It’s no secret that I wasn’t quite enthralled with what I saw at the Dune IMAX event earlier this week, but that’s merely one critic’s opinion, a critic who liked Arrival and Sicario more than Prisoners and Blade Runner 2049 no less. But my biggest concern, as a box office pundit or whatever the hell I am these days, is just how weirdly uncommercial the film looks. Sure, commercial doesn’t always mean “good” anymore than “uncommercial” does, but when you’re spending $160 million on the first half of a story, with the second half only being adapted if the first one succeeds, yeah, whether it looks like a likely hit is indeed an issue.
It’s one thing to do the whole “split the book into two movies” gimmick when you already have a fanbase. Heck, cultural critics may carp, but Harry Potter and the Deathly Hallows part II, The Twilight Saga: Breaking Dawn part II and The Hunger Games: Mockingjay part II all either out-grossed or ended up relatively close to their respective “part one” installments. They were also selling the slam-bang finale of a drawn-out cinematic story which was already incredibly popular and profitable. Even It Chapter One cost $37 million, had a killer marketing campaign, benefited from multigenerational nostalgia and looked like an horror movie event even for those indifferent to the source material.
It also told a 99% self-contained story and finished the entire source material within those two films. Dune part One not only has to make enough to justify a Dune part Two but Dune part Two (presuming we get such a thing) has to be commercially successful enough to justify further sequels and/or HBO Max spin-offs. I’m still waiting for that Dark Tower TV show and/or the fourth “TV movie” installment of The Divergent Series. As ambitious and “epic” as this looks in scope and scale, to quote the last mega-bucks “new to cinema” franchise (a YA adaptation with a simple hook and a marquee character), the odds are not in Dune’s favor.
As noted yesterday, we were here four years ago, with a Denis Villeneuve’s Blade Runner 2049. Ridley Scott’s Blade Runner bombed in 1982 and eventually became one of the more influential sci-fi films of the 1980’s. A cult classic to be sure, but one more revered by we film geeks than general audiences and not one passed down from parent to child. Alcon Entertainment, Columbia Pictures and friends spent Tron: Legacy-level money on a far-less audience-friendly three-decades-later sequel to a 1982 box office bomb and focused the entirety of the advertising campaign on the mere idea that it was another Blade Runner movie. $93 million domestic and $251 million worldwide would have been pretty good for an R-rated, 2.5-hour, action-lite, sci-fi tone poem that didn’t cost $160 million.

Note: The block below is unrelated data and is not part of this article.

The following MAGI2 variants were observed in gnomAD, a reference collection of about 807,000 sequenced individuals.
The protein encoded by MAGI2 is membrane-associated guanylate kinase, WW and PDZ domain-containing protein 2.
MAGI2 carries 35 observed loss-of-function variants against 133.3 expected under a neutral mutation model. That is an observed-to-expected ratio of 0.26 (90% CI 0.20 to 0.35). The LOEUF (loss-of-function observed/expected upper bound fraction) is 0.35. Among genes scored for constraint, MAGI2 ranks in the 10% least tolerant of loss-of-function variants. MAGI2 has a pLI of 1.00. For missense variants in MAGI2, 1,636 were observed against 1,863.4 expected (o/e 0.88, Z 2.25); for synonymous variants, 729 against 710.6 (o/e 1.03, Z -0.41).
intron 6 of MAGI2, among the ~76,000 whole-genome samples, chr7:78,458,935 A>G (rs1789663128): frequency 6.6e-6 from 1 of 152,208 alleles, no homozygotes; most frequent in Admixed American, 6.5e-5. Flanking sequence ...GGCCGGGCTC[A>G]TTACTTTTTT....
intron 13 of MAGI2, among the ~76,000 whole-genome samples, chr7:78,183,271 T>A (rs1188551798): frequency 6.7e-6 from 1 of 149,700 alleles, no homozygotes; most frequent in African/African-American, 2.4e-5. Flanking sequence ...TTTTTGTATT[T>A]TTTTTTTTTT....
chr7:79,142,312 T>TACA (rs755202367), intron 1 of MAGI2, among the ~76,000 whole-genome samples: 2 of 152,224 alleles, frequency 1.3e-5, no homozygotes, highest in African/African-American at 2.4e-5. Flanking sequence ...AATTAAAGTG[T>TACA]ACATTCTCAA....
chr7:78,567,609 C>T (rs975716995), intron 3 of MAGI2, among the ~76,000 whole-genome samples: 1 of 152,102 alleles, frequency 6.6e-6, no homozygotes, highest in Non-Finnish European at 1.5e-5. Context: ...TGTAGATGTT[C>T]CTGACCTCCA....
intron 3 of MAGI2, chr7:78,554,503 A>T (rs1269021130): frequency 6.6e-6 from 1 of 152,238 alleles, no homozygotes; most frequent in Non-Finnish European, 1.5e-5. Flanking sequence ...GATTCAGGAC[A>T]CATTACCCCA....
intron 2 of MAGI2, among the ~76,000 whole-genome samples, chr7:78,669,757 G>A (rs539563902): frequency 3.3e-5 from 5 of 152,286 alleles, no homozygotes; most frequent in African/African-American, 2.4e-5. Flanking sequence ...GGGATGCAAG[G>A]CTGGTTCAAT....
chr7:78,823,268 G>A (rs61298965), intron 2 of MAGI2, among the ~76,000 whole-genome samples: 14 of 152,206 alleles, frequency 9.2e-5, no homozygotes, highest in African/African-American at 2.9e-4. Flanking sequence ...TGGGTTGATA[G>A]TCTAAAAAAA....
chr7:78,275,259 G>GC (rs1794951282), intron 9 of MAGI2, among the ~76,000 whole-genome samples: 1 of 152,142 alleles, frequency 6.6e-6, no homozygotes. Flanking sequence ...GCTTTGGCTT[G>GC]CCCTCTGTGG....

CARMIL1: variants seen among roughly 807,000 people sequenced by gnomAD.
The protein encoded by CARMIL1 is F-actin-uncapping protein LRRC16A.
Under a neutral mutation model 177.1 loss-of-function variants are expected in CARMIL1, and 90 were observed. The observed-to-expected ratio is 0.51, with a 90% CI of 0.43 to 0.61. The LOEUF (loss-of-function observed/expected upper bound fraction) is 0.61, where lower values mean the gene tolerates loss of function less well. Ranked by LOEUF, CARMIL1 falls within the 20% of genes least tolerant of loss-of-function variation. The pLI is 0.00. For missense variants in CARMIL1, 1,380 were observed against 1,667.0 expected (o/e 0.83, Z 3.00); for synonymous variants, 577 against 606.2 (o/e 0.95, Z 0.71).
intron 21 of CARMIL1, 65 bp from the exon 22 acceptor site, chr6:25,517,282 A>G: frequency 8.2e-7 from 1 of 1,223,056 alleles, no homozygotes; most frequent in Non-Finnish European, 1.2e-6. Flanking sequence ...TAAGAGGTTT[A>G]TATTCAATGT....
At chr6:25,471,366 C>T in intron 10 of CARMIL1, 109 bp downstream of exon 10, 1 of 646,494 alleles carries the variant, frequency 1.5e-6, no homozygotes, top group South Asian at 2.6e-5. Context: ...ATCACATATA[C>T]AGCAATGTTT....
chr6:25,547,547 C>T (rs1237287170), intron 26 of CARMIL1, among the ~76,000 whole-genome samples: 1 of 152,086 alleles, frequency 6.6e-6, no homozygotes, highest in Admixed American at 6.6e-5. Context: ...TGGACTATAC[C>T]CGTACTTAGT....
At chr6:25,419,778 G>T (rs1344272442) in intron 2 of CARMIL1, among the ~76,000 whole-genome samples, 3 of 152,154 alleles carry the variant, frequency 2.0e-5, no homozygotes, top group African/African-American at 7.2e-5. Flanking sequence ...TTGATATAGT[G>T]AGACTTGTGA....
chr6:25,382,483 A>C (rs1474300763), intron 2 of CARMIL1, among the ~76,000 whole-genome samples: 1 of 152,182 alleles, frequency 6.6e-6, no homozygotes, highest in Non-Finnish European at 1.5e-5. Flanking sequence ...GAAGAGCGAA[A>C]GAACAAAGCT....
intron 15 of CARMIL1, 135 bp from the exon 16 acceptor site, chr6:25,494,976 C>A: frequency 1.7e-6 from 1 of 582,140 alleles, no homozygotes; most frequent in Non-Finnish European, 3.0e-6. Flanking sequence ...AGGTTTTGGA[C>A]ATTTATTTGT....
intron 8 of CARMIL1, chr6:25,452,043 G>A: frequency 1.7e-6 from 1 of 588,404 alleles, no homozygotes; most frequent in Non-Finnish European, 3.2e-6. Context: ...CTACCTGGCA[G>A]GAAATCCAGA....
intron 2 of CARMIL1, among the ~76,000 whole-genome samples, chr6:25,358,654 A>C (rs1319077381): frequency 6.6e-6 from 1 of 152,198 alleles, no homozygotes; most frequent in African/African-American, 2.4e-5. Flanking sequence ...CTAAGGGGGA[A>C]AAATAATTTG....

This second trailer mostly focuses on Timothée Chalamet’s Paul Atreides as a Duke’s son potentially siding with the oppressed, of than last year’s character-focused teaser (and this week’s character posters). I’d expect the third trailer (presumably dropping either in tandem with the film’s Venice Film Festival debut or in late September timed with No Time to Die) to further focus on the film’s Avatar-like sensibilities as the young heir realizes his side is the oppressor, falls for one of the oppressed (Zendaya) and switches sides. While that’s a damn primal story, it’s also one that’s been told many times, and the second trailer goes out of its way to make it seem more complicated.
The good news is that Dune has a huge ensemble cast, including Timothée Chalamet, Zendaya, Oscar Isaac, Rebecca Ferguson, Jason Momoa (the only one seemingly having any fun), Dave Bautista and many more). It’s got a PG-13, presumably more action than Blade Runner 2049 and potentially someone resembling a marquee director at least in the Film Twitter bubble. The five key ingredients for a non-nostalgia hit seem to be good reviews (fingers-crossed), an all-star ensemble, a high-concept hook (that’s missing), a marquee director (that’s debatable) and the promise of escapism (will Dune be fun?). Right now, it has two of those elements with the hopes that it won’t be a grimdark passion play.
Again, the focus needs to be not “At last, a Dune movie!” or even “cinematic wonders beyond what you can imagine,” because Frank Hubert’s novel is at-best a cult property and because audiences are no longer wowed by spectacle alone. Otherwise, Jupiter Ascending, Valerian and the City of a Thousand Planets and Mortal Engines would have been genuine blockbusters. Alita: Battle Angel almost pulled it off ($405 million on a $170 million budget) by focusing on the Robert Rodriguez/James Cameron combo and the gee-whiz appeal of Rosa Salazar’s title character. Will “conflicted white guy prince” played by a ridiculously good-looking Chalamet be anywhere near the draw of Jen Lawrence’s Katniss or Daniel Radcliffe’s Harry Potter?
As pessimistic as I am about the film’s commercial success, I hope it’s at least a good film. I hope it’s at least one that Warner Bros. can at least point to as “See, we do more than just Harry Potter and Batman movies” even as audiences ignore it for Jackass Forever and Film Twitter retroactively blames the marketing. Warner Bros. has a history of marketing comparatively unconventional films big (Gravity, Mad Max: Fury Road and Inception) and small (Magic Mike, American Sniper and It) into relative event movies. In the Heights was a rare miss in that sense, but if any studio can sell Dune to the masses, it’s the Dream Factory.